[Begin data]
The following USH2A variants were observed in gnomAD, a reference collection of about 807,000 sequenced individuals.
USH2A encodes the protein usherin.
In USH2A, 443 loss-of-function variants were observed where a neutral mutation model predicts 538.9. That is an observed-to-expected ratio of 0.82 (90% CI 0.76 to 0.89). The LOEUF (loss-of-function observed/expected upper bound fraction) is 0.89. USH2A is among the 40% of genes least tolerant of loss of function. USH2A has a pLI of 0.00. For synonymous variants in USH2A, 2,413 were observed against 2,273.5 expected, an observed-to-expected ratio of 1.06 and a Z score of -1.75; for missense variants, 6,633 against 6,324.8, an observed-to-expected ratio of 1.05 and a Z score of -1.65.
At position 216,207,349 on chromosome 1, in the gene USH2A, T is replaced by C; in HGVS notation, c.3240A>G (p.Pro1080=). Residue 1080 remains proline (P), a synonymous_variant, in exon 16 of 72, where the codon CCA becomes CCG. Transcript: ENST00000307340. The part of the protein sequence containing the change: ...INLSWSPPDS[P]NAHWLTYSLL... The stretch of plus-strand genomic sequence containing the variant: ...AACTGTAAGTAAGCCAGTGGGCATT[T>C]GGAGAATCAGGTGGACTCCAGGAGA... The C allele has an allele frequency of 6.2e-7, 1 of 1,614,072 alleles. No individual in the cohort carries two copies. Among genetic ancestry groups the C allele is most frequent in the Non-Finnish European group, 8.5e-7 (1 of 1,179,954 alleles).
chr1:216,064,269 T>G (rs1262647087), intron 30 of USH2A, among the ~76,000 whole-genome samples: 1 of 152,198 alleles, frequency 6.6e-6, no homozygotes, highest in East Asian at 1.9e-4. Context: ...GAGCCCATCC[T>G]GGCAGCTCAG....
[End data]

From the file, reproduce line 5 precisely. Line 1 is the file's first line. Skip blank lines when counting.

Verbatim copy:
chr1:216,064,269 T>G (rs1262647087), intron 30 of USH2A, among the ~76,000 whole-genome samples: 1 of 152,198 alleles, frequency 6.6e-6, no homozygotes, highest in East Asian at 1.9e-4. Context: ...GAGCCCATCC[T>G]GGCAGCTCAG....